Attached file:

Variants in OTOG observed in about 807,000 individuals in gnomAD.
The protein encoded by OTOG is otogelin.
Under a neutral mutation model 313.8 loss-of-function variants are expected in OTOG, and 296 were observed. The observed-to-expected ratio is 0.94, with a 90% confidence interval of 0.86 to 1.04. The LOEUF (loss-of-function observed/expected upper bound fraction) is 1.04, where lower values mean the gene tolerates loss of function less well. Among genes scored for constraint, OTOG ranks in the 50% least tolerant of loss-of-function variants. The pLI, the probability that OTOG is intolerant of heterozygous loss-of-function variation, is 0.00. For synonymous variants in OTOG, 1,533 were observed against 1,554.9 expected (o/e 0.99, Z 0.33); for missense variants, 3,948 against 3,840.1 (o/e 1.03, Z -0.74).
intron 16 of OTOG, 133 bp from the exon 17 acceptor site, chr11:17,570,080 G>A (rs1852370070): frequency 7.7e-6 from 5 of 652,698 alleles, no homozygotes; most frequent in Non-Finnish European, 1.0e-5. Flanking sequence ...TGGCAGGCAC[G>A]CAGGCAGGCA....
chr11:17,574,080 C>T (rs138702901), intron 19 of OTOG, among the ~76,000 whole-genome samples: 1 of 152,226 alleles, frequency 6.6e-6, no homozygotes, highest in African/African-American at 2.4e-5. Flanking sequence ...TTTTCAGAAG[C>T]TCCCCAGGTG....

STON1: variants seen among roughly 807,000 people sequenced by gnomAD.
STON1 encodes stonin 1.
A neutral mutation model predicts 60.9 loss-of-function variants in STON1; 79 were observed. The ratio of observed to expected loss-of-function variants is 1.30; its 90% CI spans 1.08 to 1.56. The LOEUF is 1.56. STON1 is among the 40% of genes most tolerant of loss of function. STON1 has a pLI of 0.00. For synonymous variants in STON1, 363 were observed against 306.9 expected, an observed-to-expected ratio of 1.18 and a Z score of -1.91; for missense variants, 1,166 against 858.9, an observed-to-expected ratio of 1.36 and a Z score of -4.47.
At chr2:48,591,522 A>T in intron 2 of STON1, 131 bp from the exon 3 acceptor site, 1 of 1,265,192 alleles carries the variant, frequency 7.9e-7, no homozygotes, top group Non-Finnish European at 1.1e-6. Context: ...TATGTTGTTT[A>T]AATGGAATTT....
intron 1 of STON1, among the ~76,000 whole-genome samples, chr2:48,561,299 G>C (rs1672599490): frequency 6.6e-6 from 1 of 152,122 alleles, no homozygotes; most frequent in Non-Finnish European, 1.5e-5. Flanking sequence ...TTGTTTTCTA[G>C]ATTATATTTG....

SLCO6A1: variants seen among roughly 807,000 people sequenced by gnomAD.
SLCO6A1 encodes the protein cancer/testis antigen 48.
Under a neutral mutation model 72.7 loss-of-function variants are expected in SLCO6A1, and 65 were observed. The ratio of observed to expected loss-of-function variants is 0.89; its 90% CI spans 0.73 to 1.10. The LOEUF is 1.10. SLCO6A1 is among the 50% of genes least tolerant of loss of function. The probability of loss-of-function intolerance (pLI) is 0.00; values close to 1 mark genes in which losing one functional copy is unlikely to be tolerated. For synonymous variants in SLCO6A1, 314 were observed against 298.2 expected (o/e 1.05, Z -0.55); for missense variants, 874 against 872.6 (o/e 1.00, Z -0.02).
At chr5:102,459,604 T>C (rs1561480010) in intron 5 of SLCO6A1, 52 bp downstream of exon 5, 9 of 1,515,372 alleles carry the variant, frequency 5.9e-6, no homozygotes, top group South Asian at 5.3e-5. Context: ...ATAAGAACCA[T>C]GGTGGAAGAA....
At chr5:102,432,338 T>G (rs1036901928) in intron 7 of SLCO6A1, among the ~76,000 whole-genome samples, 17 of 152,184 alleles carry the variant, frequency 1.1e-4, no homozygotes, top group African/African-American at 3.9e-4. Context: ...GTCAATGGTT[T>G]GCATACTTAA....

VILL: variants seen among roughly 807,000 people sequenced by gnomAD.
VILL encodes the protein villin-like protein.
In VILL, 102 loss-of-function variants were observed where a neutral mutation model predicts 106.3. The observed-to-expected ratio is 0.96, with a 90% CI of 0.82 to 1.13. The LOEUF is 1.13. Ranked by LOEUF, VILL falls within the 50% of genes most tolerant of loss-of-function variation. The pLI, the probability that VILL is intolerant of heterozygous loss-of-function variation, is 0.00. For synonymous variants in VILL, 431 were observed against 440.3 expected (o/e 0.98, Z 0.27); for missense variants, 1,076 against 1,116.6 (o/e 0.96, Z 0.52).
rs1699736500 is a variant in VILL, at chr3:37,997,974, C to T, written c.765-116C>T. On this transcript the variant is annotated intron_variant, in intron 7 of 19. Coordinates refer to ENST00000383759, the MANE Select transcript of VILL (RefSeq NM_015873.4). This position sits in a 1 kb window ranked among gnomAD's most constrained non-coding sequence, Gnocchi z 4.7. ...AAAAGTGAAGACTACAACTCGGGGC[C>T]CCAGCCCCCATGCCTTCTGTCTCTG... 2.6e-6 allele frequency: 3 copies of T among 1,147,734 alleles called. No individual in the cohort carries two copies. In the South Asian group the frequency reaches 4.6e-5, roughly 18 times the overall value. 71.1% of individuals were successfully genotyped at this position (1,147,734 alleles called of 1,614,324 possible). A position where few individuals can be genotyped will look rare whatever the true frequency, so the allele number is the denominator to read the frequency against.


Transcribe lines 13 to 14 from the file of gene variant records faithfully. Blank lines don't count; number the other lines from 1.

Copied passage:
Under a neutral mutation model 72.7 loss-of-function variants are expected in SLCO6A1, and 65 were observed. The ratio of observed to expected loss-of-function variants is 0.89; its 90% CI spans 0.73 to 1.10. The LOEUF is 1.10. SLCO6A1 is among the 50% of genes least tolerant of loss of function. The probability of loss-of-function intolerance (pLI) is 0.00; values close to 1 mark genes in which losing one functional copy is unlikely to be tolerated. For synonymous variants in SLCO6A1, 314 were observed against 298.2 expected (o/e 1.05, Z -0.55); for missense variants, 874 against 872.6 (o/e 1.00, Z -0.02).
At chr5:102,459,604 T>C (rs1561480010) in intron 5 of SLCO6A1, 52 bp downstream of exon 5, 9 of 1,515,372 alleles carry the variant, frequency 5.9e-6, no homozygotes, top group South Asian at 5.3e-5. Context: ...ATAAGAACCA[T>C]GGTGGAAGAA....